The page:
Is David Greenfield Allowed To Retire From Public Office?

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by R. Gil Student

City Councilman David Greenfield, an Orthodox Jew (and a friend from when he lived in my neighborhood), recently announced that he will not be seeking another term. He will be leaving public office to lead the non-profit organization, the Met Council on Jewish Poverty. Does halakhah, Jewish law, permit this? The community needs talented leaders in order to function. Is someone qualified, with a proven track record of success, morally and religiously allowed to keep his talents from benefiting the public?

A recent Hebrew article by Rav Avishai Ben David on the website of the organization Mechon Ha-Torah Ve-Ha-Aretz explores the parameters of a public official leaving office.

I. Two Opinions

The Gemara (Kiddushin 32b) says that a king may not forgo his honor. Commentaries explain that showing honor to the king is a form of accepting his dominion, thereby fulfilling the commandment of “you shall surely appoint for yourself a king” (Deut. 17:15). Shitah Mekubetzes (Kesubos 17a sv. ve-khasav ha-Ramban) adds that if a king forgoes his honor, effectively he is abdicating his position, even if temporarily. Rav Pinchas Zabichi (Responsa Ateres Paz 1:3:CM:1) deduces that only a king may not abdicate, since the mitzvah of appointment applies only to him. Any other public official, for which there is no mitzvah to appoint, may resign, given appropriate circumstances.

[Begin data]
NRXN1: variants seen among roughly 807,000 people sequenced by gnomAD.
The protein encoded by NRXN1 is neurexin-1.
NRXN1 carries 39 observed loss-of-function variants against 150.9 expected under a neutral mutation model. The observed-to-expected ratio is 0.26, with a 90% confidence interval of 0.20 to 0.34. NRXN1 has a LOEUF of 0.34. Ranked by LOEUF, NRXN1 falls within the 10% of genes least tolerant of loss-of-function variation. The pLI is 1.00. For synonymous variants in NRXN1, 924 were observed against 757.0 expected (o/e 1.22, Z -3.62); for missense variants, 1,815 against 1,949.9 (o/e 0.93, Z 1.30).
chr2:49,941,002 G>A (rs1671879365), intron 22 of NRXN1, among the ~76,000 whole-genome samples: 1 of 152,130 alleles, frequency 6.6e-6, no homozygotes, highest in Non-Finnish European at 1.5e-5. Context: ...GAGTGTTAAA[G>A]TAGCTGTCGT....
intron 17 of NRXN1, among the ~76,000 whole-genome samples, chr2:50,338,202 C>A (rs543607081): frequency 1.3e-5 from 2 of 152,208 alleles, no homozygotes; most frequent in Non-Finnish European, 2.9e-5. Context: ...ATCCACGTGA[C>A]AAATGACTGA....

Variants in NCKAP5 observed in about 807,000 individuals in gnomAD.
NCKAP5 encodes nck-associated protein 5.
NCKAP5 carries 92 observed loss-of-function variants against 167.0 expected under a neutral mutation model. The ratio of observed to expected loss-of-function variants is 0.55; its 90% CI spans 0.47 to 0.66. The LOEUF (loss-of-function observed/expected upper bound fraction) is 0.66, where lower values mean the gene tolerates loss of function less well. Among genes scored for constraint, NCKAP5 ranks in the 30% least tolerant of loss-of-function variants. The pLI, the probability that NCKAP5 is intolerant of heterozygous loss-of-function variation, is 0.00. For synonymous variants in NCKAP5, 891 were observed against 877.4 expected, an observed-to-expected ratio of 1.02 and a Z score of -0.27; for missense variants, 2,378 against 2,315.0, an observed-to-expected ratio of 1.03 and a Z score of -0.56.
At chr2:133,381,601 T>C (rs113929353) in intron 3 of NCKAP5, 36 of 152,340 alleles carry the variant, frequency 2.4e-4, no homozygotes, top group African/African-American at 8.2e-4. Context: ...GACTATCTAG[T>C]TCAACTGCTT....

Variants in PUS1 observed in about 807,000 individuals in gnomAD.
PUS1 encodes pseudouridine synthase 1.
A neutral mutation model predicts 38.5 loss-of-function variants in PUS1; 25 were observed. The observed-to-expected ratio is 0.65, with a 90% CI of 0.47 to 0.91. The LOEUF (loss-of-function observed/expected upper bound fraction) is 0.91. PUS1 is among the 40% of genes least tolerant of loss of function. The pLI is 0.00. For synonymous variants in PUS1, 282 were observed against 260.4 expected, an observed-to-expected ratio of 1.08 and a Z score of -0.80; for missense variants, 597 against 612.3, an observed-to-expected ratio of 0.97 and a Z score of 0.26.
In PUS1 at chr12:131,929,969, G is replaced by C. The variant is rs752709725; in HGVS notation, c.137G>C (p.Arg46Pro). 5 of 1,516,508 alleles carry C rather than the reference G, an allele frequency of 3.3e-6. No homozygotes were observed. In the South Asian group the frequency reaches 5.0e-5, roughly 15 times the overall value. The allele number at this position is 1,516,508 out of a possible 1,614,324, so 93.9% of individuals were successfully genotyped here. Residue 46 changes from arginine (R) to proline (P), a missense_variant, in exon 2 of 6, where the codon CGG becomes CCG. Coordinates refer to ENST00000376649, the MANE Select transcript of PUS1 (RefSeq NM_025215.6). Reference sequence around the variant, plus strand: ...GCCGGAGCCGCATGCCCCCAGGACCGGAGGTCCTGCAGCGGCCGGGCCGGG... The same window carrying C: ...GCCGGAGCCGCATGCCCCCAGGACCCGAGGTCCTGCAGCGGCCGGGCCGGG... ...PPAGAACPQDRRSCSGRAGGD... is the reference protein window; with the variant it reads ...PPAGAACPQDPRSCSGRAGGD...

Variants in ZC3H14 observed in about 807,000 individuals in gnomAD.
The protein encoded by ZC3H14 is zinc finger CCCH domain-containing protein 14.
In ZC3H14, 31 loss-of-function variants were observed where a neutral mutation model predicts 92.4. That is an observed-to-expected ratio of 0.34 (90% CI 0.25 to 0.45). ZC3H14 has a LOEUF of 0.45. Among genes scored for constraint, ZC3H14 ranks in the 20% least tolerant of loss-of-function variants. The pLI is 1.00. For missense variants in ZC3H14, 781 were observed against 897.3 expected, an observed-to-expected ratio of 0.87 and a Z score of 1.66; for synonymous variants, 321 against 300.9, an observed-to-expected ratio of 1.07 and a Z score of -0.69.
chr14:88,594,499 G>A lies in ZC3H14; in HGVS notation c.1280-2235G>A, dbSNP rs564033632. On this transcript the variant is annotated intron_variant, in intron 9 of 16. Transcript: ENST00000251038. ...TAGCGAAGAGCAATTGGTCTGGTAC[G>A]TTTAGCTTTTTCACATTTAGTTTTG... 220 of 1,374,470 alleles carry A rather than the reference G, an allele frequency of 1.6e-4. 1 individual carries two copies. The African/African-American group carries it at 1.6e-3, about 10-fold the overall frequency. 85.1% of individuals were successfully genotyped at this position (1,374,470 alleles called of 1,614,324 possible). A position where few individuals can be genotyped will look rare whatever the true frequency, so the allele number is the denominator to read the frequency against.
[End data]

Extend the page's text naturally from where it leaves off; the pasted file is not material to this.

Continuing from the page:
Rav Amram Blum (Responsa Beis She’arim, Yoreh De’ah 334) disagrees regarding Jewish communal positions. Since traditionally those positions are hereditary, a person does not choose those roles. He is chosen by powers greater than he and may not resign in contradiction to those powers. Similarly, even someone who did not inherit the role was likewise chosen by great powers for his position. The Midrash (Shemos Rabbah 40:2) teaches that God showed Adam a book listing every generation and its leaders. Apparently, leaders are chosen for their roles at the time of Creation.

II. Historical Precedent

When Hillel came to Israel from Babylonia, the religious leadership was so embarrassed that they resigned from their position. The Gemara (Pesachim 61a) explains that the day before Pesach, when the sacrifice must be brought, fell out on Shabbos. Bnei Beseira, the Israeli religious leaders, were not sure whether the Pesach sacrifice overrides Shabbos. Hillel, the immigrant scholar, proved to them that the Pesach sacrifice must be brought on Shabbos. In deference to his great scholarship, Bnei Beseira resigned so that Hillel could be appointed to the highest position of religious leadership.

Clearly, resignation is permitted. However, the Rivash (Responsa, 171) explains that Bnei Beseira only resigned because of their great humility. They are the exception that proves the rule. They truly believed that they were unworthy for the role. Anyone else for any other reason may not resign.

III. Modern Times

The Chasam Sofer (Responsa 1:206) points out the incongruity between rabbinic contracts and careers. In his day, rabbis were given contracts for a few years but in practice the appointments were for life. He explains that the reason for the limited contracts was to allow the rabbi to resign at any point. If a rabbi accepted a lifetime position, he would be choosing a prison, placing himself into unlimited servitude. Similarly, Rav Ya’akov Ettlinger (Responsa Binyan Tziyon 124) rules that a rabbi may resign for personal reasons. He does not have to suffer for other people’s benefit.